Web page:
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  3. It would be nice if people began corresponding through letters again; some people still do, I guess. Having a beautiful handwriting is something special, and schools no longer teach penmanship, as far as I know. But all your points are true.

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    1. Hi Richard! I don't get a chance to write longhand anymore. It seems like there's always have a keyboard around with a word-processor attached. It's a strange world we live in.

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  4. Truly a lost art. A lovely post.

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    1. Thanks MJ. Nice to see you, I appreciate the visit.

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  5. I miss getting letters in the mail. I still send out letters and little postcards. Most of my regular letters go to older family members who don't use a computer, but I still send note cards to friends just to give them something physical to connect to. They greatly appreciate it.

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    1. Hi Christine! There is certainly something special about receiving a letter from someone you care about, even in the age of instantaneous communication. The art may be lost, but the magic is still there.

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  6. I treasure handwritten letters. I save them in stacks tied with colored ribbon. On rainy days or cold ones I lavish in reading letters from friends that have passed on. Thanks for remembering a forgotten art.

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    1. Debra, you are very lucky to have so many letters that you can store them in stacks. I've received a few over the years but I couldn't produce a single one if my life depended on it.

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  7. I agree with those who say Van Gogh's letters qualify as literature. Years ago my husband and I saw movie called "Letters to Theo" (Vincent's brother), and the visual story unfolded entirely through Van Gogh's paintings and drawings while the aural was a narration of his letters in order as his life progressed. It was mesmerizing. I'm kinda sorry handwritten letters have gone out. I love cyberspace, but there's something about a handwritten letter that's special.

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    1. I have to conduct a little research and try to find the movie, Elizabeth. I love cyberspace also, but alas, there's nothing like the thrill of receiving a letter from a far-away friend.

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  8. I still write letters 'the old fashioned way' as my 14 year old son would say! I try to send a hand written note or letter to my daughters at least once a month. ;o) I still write to my mother even though she lives just an hour away. And I still write the occasional love letter to my husband. ;o) Thanks for posting on this topic Gary!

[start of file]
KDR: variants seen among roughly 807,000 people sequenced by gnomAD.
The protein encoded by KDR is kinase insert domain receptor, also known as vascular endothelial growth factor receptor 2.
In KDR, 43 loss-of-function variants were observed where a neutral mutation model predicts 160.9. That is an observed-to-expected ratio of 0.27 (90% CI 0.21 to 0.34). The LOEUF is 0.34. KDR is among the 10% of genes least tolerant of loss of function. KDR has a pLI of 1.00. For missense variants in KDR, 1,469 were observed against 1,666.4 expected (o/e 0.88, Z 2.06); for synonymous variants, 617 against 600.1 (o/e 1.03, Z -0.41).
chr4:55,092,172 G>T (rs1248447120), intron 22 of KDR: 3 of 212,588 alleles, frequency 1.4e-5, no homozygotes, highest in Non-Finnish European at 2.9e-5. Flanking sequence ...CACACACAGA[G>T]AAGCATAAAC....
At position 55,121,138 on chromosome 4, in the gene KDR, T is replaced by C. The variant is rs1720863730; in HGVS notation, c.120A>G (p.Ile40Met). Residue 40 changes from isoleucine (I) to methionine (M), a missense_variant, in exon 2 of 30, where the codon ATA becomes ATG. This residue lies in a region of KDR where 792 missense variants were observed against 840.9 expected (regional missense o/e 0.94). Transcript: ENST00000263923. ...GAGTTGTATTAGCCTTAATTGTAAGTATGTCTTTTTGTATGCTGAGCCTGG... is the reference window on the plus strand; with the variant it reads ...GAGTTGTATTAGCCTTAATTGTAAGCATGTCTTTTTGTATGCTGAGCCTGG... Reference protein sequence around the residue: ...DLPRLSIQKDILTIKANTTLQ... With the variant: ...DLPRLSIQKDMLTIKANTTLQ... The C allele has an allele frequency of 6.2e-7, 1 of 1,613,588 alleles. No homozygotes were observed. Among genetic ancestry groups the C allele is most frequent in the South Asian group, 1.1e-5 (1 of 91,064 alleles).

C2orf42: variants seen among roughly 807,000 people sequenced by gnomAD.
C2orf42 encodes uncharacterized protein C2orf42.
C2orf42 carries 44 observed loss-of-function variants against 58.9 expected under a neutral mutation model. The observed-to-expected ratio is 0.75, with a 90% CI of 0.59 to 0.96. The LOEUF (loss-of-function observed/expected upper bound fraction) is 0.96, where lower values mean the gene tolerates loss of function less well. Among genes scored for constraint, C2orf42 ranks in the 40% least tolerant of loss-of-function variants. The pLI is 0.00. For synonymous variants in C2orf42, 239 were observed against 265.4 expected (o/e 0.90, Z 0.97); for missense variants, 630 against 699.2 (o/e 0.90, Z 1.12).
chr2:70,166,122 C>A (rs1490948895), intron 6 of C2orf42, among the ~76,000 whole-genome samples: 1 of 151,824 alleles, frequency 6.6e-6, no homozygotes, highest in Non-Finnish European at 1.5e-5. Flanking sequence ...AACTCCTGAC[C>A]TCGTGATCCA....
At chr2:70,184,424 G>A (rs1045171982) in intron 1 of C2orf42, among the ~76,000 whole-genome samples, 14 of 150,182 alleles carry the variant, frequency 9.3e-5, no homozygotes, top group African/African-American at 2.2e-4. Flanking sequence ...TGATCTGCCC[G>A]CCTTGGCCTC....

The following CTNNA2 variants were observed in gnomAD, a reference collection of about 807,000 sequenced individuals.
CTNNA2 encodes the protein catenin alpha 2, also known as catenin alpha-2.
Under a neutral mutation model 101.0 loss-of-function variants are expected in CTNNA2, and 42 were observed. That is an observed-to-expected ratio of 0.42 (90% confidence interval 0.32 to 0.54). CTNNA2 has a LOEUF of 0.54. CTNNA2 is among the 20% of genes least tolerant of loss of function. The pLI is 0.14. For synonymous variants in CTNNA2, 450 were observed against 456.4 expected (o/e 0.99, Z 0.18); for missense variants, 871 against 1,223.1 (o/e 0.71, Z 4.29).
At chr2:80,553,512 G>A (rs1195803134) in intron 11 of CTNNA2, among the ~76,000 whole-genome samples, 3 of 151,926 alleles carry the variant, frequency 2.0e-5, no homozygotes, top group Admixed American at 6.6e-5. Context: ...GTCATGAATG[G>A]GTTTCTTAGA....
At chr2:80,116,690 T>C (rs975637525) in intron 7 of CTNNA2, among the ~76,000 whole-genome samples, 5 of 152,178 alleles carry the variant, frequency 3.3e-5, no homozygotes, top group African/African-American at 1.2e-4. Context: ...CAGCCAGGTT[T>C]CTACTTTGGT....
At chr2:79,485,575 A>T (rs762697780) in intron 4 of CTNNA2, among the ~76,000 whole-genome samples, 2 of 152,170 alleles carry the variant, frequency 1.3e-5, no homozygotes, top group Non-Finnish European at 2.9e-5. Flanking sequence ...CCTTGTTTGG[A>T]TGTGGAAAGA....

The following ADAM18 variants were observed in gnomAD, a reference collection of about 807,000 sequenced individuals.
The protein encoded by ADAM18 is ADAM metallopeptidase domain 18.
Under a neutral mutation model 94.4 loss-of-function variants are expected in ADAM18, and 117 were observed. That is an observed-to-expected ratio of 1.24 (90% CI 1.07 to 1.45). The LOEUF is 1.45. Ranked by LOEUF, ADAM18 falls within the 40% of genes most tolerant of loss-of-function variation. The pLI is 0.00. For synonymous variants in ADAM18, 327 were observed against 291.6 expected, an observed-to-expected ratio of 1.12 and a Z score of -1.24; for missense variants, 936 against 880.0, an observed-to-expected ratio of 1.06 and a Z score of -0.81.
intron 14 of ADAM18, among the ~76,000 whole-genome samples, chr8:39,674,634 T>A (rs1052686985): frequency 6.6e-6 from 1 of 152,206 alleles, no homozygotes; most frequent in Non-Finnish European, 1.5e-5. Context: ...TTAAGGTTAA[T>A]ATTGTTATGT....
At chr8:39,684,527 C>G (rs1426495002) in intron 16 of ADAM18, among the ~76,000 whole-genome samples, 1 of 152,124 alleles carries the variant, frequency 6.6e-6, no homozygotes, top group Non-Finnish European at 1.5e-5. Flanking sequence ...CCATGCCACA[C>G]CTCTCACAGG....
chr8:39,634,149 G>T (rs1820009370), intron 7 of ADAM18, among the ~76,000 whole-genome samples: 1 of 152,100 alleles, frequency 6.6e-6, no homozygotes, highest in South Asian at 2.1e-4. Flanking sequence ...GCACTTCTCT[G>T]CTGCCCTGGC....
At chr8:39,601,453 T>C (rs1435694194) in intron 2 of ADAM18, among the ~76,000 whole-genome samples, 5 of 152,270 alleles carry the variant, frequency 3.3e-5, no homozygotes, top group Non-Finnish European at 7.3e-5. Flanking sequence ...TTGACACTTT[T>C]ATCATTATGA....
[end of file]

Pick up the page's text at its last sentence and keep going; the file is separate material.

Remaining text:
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    1. It goes to show, Suzan, that you are a very special person! Thanks for the visit.

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  9. Hi, Gary! I enjoyed this article very much. I think it's beneficial to adapt to the convenience of technology, but to also uphold traditional, old-fashioned practices. I purchased a red Korean letterbox over a decade ago, and keep all of the cards and letters that loved ones have given me.

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    1. Thanks for the visit, Zoey. I enjoy all the changes, but it's a challenge to keep up with them. I'm waiting to see if the Google glasses take off.

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    2. It's my pleasure, Gary. I agree that it's a challenge. I'm glad that I'm addicted, but not a slave to technology! ;) I look forward to seeing how those Google glasses turn out as well.

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  10. I exchange letters and notes with a old family friend (she doesn't have a computer) who is a thousand miles away. I love to get her letters, and I hope she loves to get my newsy updates on the family and grandchildren. I also make it a habit to write "grateful" notes to friends. Hand-written notes that simply say that I'm grateful to have them in my life.

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    1. Hi Karen, I see you found me over here. I think people still appreciate the personal touch of a hand-written letter or a thank-you note. They make anyone feel special.

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  11. Hello everyone, I am an artist working in London and I am looking for people to take part in my social art project, it is all about writing letters. I saw this thread and couldn't resist leaving a comment. Below is a link to my group where you can download the brief:

    https://www.facebook.com/groups/482550538445298/

    I do hope you can take a look, perhaps you can even take part yourselves and tell your friends, it would mean a lot. Thank you for your time, kindest regards.
    Harrison Moore